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Journalist charged with sedition over programme on Garang death

[Sudan] Mourners pray for John Garang at Juba Cathedral on 6 August, 2005.
Mourners pray for Garang at Juba Cathedral, 6 August 2005. (Hilaire Avril)

A Ugandan journalist was charged on Monday with sedition following a talk show he hosted that featured a discussion about the recent death of Sudanese First Vice President John Garang.

Andrew Mwenda, who was arrested on Friday, pleaded not guilty to the charge. He was granted bail by a court in the capital, Kampala.

The radio station that employs him, K-FM, remained off-air for a fourth day after the Ugandan Broadcasting Council shut it down on Thursday evening.

The prosecution told the court that Mwenda had intended to "bring into hatred, or contempt [and] to excite disaffection against the person of the [Ugandan] president and government".

He was arrested two days after Ugandan President Yoweri Museveni accused him of compromising regional security through his writing in the independent Daily Monitor newspaper and on a talk show he hosted on K-FM.

At a memorial service for to commemorate Garang and the Ugandans who perished with him on 30 July, Museveni also threatened to shut down newspapers engaged in "speculation" over the Sudanese leader's death in a Uganda government-owned helicopter that crashed near the Uganda-Sudan border.

"I will no longer tolerate a newspaper which is like a vulture. Any newspaper that plays around with regional security, I will not tolerate it - I will close it," he said.

Museveni said the Daily Monitor, The Weekly Observer and a tabloid, The Red Pepper "must stop or we shall stop them".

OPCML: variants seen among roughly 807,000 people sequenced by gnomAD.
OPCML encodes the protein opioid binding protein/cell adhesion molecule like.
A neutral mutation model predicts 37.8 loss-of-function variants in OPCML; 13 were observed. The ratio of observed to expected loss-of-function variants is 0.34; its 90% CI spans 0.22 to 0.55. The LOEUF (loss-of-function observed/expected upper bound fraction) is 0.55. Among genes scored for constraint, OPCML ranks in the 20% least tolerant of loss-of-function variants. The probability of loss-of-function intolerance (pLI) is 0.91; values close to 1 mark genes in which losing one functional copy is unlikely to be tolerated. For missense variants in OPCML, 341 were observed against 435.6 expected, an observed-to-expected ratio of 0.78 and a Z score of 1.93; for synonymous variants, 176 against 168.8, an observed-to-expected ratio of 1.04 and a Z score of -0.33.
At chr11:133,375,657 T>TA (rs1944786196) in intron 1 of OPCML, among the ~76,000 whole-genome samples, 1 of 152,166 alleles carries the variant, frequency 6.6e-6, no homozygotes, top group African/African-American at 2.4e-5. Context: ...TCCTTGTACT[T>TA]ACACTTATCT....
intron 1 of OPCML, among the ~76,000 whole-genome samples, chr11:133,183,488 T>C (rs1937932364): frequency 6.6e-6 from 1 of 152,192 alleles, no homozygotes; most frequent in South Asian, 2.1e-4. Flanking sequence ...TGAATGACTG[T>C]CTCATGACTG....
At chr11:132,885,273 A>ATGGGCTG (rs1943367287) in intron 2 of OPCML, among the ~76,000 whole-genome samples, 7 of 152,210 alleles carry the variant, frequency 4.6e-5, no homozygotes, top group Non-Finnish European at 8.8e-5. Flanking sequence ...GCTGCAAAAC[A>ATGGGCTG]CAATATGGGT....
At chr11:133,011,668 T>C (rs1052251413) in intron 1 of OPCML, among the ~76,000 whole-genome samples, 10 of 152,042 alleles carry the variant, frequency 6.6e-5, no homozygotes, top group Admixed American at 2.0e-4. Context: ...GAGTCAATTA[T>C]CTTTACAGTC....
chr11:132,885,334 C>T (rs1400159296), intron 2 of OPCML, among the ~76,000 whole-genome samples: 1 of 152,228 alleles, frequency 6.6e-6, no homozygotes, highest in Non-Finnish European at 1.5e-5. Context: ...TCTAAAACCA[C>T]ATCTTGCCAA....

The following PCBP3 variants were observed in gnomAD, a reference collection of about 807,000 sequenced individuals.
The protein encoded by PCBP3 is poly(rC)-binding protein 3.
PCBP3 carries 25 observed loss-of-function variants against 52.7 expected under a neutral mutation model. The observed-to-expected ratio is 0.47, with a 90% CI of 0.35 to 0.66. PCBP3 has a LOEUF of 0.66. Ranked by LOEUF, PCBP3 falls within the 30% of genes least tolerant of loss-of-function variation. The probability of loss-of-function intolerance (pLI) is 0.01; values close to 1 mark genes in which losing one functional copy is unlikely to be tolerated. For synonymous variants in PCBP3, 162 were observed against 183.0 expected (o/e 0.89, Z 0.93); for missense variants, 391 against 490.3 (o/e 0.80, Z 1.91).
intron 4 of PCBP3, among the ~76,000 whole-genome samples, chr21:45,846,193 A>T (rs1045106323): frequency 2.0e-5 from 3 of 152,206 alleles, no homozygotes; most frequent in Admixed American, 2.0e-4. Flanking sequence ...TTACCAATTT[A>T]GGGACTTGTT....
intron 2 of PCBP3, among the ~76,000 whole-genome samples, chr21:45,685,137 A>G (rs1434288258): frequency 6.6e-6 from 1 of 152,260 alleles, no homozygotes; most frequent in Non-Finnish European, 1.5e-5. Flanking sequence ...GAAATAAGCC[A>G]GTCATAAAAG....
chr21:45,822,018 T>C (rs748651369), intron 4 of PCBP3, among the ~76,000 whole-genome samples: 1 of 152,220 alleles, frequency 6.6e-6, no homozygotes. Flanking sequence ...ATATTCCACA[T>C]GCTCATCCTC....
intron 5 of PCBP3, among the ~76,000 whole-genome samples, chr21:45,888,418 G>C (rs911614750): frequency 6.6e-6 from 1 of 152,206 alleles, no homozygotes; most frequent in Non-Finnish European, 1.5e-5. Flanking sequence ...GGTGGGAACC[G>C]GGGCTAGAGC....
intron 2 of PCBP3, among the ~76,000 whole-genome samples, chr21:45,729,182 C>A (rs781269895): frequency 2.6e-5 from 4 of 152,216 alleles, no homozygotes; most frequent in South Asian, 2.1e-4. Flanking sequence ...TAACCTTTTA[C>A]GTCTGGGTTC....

Mwenda later said on his show that Museveni and his government were "incompetent", adding that this had resulted in the death of Garang. He said the Ugandan government had put Garang on "a junk helicopter... at night... in poor weather... over an insecure area".

Uganda's information minister, James Nsaba Buturo, said in a statement: "Everybody remembers what happened in Rwanda in 1994. Inflammatory statements on Radio Mille Collines led to the death of Belgian nationals and hundreds of thousands of Rwandese.

"Neither K-FM nor any other radio should ever be used in this way," he added, in reference to the Rwandan genocide in which some 800,000 people - mainly minority Tutsis - were slaughtered by Hutu extremists.

The New York-based Committee to Protect Journalists (CPJ) condemned Mwenda's arrest.

"We call on President Museveni to ensure that Andrew Mwenda is released immediately and unconditionally and that K-FM is allowed to reopen," Ann Cooper, executive director of the CPJ, said. "Arbitrary censorship and harassment of journalists is not something one expects to see in a democracy."

Garang, who had led the southern Sudan People's Liberation Movement/Army through 21 years of civil war against the Sudanese government, had assumed office on 9 July, after signing a peace agreement with the government in January.

He died en-route to southern Sudan from Uganda, following a meeting with Museveni. Garang, who was buried in the southern town of Juba on 6 August, has been replaced as vice president by Salva Kiir Mayardit. Investigations into the cause of the crash are ongoing.

This article was produced by IRIN News while it was part of the United Nations Office for the Coordination of Humanitarian Affairs. Please send queries on copyright or liability to the UN. For more information: https://shop.un.org/rights-permissions

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